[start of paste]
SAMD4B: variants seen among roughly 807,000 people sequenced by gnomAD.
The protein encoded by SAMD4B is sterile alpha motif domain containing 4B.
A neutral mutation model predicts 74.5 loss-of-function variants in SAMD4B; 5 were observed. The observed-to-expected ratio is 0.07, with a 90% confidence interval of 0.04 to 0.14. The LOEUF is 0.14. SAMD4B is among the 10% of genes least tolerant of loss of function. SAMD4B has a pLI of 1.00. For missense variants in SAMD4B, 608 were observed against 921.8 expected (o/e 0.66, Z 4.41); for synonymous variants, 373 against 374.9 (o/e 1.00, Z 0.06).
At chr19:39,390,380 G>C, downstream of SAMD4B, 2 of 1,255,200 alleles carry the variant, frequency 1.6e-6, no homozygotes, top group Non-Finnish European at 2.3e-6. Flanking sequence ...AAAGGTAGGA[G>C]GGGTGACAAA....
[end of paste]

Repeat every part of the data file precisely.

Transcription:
SAMD4B: variants seen among roughly 807,000 people sequenced by gnomAD.
The protein encoded by SAMD4B is sterile alpha motif domain containing 4B.
A neutral mutation model predicts 74.5 loss-of-function variants in SAMD4B; 5 were observed. The observed-to-expected ratio is 0.07, with a 90% confidence interval of 0.04 to 0.14. The LOEUF is 0.14. SAMD4B is among the 10% of genes least tolerant of loss of function. SAMD4B has a pLI of 1.00. For missense variants in SAMD4B, 608 were observed against 921.8 expected (o/e 0.66, Z 4.41); for synonymous variants, 373 against 374.9 (o/e 1.00, Z 0.06).
At chr19:39,390,380 G>C, downstream of SAMD4B, 2 of 1,255,200 alleles carry the variant, frequency 1.6e-6, no homozygotes, top group Non-Finnish European at 2.3e-6. Flanking sequence ...AAAGGTAGGA[G>C]GGGTGACAAA....